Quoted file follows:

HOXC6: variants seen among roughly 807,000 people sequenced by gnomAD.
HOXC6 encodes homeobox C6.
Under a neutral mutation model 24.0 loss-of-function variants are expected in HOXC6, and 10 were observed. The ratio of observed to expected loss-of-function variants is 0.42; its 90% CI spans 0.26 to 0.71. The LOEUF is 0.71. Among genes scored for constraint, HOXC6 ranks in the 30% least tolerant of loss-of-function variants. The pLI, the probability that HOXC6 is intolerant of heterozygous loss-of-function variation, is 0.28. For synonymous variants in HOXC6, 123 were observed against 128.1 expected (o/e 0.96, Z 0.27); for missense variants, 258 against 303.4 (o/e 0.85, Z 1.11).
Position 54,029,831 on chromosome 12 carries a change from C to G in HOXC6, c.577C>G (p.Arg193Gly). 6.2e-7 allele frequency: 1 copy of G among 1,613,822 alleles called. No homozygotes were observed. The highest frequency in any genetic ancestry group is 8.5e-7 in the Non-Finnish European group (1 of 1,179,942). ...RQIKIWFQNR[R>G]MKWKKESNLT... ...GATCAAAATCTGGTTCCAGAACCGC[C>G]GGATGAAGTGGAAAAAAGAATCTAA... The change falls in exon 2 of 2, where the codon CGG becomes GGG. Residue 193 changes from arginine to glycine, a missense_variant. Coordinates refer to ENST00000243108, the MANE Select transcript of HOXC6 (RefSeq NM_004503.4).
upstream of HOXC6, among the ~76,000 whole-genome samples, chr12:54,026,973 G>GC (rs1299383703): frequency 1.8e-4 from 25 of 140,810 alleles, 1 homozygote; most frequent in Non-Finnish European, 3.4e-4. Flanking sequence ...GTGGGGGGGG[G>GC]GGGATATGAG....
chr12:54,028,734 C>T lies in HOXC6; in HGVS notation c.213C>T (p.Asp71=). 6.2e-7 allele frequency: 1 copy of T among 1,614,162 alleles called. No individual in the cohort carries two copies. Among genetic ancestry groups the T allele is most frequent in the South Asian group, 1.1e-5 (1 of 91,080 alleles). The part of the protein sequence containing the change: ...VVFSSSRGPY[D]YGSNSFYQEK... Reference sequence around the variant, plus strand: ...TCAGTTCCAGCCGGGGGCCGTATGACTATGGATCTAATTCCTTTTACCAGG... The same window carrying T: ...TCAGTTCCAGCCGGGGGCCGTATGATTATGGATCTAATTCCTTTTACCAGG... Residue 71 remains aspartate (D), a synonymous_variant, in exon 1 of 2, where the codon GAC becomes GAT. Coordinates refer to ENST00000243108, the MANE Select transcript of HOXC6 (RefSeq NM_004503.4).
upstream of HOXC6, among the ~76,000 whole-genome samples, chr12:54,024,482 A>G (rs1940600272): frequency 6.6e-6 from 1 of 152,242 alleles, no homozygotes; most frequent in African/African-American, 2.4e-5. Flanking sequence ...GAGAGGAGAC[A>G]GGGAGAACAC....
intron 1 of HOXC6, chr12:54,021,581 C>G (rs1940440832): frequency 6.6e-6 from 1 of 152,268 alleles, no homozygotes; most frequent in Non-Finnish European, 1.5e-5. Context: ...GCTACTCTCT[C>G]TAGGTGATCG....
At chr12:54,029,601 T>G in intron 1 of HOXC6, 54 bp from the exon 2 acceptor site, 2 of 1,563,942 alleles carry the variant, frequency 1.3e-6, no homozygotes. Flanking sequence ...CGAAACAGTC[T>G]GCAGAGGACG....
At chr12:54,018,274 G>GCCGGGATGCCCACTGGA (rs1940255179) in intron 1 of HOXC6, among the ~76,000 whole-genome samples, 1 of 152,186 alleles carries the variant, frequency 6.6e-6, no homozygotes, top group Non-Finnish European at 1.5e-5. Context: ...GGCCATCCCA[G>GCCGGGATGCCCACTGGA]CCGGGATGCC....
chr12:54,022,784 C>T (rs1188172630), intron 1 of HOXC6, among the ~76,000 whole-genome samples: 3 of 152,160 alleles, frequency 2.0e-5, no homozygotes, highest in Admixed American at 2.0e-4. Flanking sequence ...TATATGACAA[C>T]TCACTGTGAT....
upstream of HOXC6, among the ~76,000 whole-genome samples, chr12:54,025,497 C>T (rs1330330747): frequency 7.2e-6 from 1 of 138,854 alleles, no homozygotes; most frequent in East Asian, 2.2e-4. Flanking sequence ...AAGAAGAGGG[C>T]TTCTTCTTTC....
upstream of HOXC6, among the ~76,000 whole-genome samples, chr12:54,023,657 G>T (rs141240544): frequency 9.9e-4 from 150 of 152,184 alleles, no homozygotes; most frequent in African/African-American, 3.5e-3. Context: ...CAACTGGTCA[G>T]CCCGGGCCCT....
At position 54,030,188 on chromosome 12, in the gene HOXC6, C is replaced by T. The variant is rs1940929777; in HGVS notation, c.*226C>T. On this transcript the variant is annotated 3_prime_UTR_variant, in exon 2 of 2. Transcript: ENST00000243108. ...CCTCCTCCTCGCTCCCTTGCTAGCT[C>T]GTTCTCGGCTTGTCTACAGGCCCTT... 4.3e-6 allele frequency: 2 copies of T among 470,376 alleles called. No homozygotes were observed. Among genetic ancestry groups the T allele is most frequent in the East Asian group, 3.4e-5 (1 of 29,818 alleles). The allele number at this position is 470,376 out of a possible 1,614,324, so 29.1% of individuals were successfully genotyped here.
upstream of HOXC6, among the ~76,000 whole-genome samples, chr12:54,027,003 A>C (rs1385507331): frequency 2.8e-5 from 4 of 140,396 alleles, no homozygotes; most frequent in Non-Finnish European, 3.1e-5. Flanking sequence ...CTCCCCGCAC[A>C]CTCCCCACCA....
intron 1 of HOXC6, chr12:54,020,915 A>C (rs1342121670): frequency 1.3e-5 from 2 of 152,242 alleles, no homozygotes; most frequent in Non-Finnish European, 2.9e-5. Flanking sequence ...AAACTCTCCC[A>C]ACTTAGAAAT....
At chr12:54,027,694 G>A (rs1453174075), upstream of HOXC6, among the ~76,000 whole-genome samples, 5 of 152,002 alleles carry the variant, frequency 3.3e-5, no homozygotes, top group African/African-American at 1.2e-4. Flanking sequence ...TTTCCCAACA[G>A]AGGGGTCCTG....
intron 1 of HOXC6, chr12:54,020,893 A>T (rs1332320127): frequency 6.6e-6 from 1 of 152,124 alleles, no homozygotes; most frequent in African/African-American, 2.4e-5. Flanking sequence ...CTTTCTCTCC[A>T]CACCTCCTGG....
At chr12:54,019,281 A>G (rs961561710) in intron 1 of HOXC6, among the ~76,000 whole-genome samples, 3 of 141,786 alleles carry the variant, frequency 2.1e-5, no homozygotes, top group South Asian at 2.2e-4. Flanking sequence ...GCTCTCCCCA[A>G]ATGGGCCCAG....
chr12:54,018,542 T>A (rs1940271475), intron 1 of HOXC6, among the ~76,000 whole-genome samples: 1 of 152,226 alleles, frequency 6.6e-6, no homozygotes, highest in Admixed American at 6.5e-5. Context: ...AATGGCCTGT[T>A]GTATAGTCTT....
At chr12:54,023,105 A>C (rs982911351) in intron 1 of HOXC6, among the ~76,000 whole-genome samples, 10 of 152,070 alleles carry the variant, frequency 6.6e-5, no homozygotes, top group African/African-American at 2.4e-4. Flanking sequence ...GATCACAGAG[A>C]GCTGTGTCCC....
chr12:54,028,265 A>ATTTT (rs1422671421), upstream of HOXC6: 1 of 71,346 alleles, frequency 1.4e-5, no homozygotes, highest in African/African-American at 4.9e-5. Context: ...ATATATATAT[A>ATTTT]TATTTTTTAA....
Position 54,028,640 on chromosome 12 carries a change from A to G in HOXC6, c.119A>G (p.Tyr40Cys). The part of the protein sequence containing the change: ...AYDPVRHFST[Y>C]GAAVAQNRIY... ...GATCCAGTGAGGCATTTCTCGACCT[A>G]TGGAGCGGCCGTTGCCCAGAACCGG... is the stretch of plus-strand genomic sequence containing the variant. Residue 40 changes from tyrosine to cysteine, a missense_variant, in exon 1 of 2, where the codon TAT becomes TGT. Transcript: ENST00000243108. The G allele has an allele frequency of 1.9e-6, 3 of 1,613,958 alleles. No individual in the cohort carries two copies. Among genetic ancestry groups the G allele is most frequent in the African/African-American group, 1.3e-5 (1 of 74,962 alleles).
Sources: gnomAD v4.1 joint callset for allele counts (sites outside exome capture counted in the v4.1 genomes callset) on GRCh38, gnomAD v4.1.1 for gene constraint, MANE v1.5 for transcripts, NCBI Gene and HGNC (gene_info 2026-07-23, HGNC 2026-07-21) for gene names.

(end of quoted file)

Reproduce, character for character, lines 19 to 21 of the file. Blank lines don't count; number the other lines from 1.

At chr12:54,019,281 A>G (rs961561710) in intron 1 of HOXC6, among the ~76,000 whole-genome samples, 3 of 141,786 alleles carry the variant, frequency 2.1e-5, no homozygotes, top group South Asian at 2.2e-4. Flanking sequence ...GCTCTCCCCA[A>G]ATGGGCCCAG....
chr12:54,018,542 T>A (rs1940271475), intron 1 of HOXC6, among the ~76,000 whole-genome samples: 1 of 152,226 alleles, frequency 6.6e-6, no homozygotes, highest in Admixed American at 6.5e-5. Context: ...AATGGCCTGT[T>A]GTATAGTCTT....
At chr12:54,023,105 A>C (rs982911351) in intron 1 of HOXC6, among the ~76,000 whole-genome samples, 10 of 152,070 alleles carry the variant, frequency 6.6e-5, no homozygotes, top group African/African-American at 2.4e-4. Flanking sequence ...GATCACAGAG[A>C]GCTGTGTCCC....